We talked about hair density but what does density mean in wigs? And, additionally – why do you need to care about wig density? Isn’t it enough to just pick a wig you like?
Technically, yes, however, the hair density specification on wigs is still helpful when you want something slightly different from your current wig and you need to figure out exactly what. The term is also useful when shopping for wigs online or when you talk with hairstylists.
So, here we’ll go over what wig density is and what you need to know about it.
What is wig density?
Wig hair density means exactly what standard hair density means – it’s the number of individual hairs per square inch of the wig’s cap. The more hair strands there are, the higher the hair density and the thicker the wig will look.
Hair density shouldn’t be confused with hair volume, of course. Hair volume measures the overall volume of your hair. It is affected by the hair’s or wig’s density but also by the hair’s texture, form, and style.
The easiest example here is that curly or wavy hair has a naturally higher volume than straight hair of the same density. In fact, it’s perfectly possible for wavy hair with lower hair density to have more volume than straight hair with a thicker density.
Now that we’ve answered the “What is hair density in wigs?” question, let’s go over how you should pick your wig’s density.
What are the standard wig density types?
So, what is the best density for wigs and how is it even measured? Wig density is measured in percentages with 100% actually being the lowest density you can get. The other standard wig densities include 120%, 130%, 150%, 180%, and 200%. Let’s go over them individually and see how they compare with each other.
100% density wigs
These wigs have the thinnest possible hair spread. If you’re looking for a thick and luscious wig, those are obviously not the best choice. However, this doesn’t make them bad wigs. While with natural hair people are usually annoyed with their low hair density, the purpose of hair wigs is often to imitate your normal hair, not just/always to “look better”.
So, with that in mind, 100% density wigs do have their advantages. For one, if your own hair is or was with a naturally light density, a 100% density wig will likely look as close to it as possible. Additionally, low-density wigs are lighter and more comfortable on your scalp than high-density ones. The fewer hair strands there are, the less your scalp will sweat, and the easier the wig will feel on it.
Besides, if you want a wavy or curly hair wig you probably don’t want to go too high on the density anyway.
120% density wigs
These are the average standard for hair wigs. They usually mimic standard human hair the best unless your hair was denser or thinner than average. This density is especially realistic for straight or Yaki straight hair (chemically relaxed Afro hair).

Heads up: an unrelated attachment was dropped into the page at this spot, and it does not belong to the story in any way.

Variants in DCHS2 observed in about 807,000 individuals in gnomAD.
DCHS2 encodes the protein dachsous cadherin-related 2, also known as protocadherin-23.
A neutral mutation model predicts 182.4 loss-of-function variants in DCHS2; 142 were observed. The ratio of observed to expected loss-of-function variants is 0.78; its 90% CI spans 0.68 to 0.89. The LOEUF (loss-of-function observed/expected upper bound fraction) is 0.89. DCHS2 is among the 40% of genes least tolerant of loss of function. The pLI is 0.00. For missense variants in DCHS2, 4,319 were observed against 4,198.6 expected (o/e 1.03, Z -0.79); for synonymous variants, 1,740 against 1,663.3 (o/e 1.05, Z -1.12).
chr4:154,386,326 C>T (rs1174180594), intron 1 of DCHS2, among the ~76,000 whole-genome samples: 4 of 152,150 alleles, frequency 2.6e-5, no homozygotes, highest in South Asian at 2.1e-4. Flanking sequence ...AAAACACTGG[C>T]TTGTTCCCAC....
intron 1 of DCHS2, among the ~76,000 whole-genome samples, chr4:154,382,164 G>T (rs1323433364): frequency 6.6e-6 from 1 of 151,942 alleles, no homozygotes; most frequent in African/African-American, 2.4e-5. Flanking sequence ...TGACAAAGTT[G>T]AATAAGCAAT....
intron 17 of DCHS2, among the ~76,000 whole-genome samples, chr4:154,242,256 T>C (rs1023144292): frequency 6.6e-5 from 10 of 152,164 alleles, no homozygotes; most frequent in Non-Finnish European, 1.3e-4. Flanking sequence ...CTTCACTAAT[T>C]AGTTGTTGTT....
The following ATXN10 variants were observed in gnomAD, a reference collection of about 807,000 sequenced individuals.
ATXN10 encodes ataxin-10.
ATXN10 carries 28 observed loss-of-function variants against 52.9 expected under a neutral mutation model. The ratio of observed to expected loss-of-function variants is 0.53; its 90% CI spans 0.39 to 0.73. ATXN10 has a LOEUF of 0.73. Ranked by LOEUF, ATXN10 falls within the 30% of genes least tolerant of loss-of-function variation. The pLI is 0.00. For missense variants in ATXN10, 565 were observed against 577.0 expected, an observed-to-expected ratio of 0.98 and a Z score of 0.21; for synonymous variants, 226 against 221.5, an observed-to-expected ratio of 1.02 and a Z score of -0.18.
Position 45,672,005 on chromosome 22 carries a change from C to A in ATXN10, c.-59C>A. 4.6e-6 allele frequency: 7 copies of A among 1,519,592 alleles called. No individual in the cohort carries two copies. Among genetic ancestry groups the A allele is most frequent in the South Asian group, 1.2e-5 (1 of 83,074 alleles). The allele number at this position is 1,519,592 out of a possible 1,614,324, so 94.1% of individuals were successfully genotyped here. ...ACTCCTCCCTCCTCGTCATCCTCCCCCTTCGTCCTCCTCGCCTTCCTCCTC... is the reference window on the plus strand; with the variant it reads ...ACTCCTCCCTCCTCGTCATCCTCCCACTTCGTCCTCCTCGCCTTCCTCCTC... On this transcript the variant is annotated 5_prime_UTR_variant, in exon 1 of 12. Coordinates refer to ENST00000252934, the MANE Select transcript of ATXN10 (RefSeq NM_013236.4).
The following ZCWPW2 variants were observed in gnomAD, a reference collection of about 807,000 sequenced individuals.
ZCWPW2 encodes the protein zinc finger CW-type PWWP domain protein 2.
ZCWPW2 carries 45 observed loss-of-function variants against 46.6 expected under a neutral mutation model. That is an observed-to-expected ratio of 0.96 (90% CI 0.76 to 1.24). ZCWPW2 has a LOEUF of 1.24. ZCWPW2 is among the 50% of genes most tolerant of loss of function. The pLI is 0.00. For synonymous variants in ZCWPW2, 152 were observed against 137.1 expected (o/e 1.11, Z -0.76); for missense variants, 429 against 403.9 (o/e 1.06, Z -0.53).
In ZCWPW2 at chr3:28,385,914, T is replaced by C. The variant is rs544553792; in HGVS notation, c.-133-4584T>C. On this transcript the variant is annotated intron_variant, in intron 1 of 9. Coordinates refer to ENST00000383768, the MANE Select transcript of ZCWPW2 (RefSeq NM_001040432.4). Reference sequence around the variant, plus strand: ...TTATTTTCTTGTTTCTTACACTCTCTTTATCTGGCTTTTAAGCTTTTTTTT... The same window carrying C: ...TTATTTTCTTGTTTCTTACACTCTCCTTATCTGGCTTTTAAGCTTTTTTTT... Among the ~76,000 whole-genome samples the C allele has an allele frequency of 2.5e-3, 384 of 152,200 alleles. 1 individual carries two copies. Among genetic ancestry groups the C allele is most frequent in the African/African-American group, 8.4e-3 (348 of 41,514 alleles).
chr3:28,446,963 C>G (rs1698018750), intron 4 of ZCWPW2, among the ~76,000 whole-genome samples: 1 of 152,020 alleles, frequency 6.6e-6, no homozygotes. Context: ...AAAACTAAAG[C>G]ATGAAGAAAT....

130% density wigs
Also viewed as “standard density” 130% wigs are also a common choice for most people. They are a great medium choice when you want a nice voluminous hairstyle.
150% density wigs
This is a denser than a normal type of wig that’s excellent for people who want extra volume in their wig. These wigs offer a lot of extra bounce and movement but they are also on the heavier side.
180% density wigs
A truly high-density hair, these wigs are for those who want to maximize their hair’s volume. They can be uncomfortably heavy and sweaty to wear, however, so make sure you’re comfortable with average density wigs first. Also, this density looks best on longer hair and looks unnatural for shorter hair wigs.
200% density wigs
Almost unnaturally heavy, even for long hair, 200% density wigs are usually for extravagant hairstyles that imitate celebrities or are meant for parties. These wigs are especially heavy and are meant to catch the eye of everyone around you.
Wig density vs volume vs length
We already discussed the difference between density and volume, and length should be self-explanatory. How do the three relate to each other, however? And specifically – what density should you choose based on the wig’s volume and length?
The main density vs volume rule is that the wavier and curlier the hair is, the less extreme the density needs to be. While with straight hair you’ll often want at least 130% or 150% density to look good, a curly hairstyle can look good with 100% and 120% too.
As far as density vs length is concerned, the rule of thumb goes like this:
- For 12 “- 16” long hair go with 130% – 150% density.
- For 18 “- 22” long hair go with 150% – 180% density.
- For 24 “- 30” long hair go with 180% – 200% density.
Of course, your personal preferences will be the last determining factor so try several different options and pick the one that suits you the best.
Factors to consider when picking your wig’s density
With all that in mind, here are some more factors to consider:
- What is your natural hair’s density? You’ll need to measure that if you want to find a wig that looks as close to your own hair as possible.
- What’s your age? Hair thins out with age so it’s normal to pick thinner wigs as you age – there’s nothing bad about it, it will make your wig look even more natural.
- Consider the cap. Wig caps usually come in two types – full lace wigs and lace front wigs. Full lace wigs usually look more natural. With lace front wigs, on the other hand, it’s usually harder to figure out how much density you need.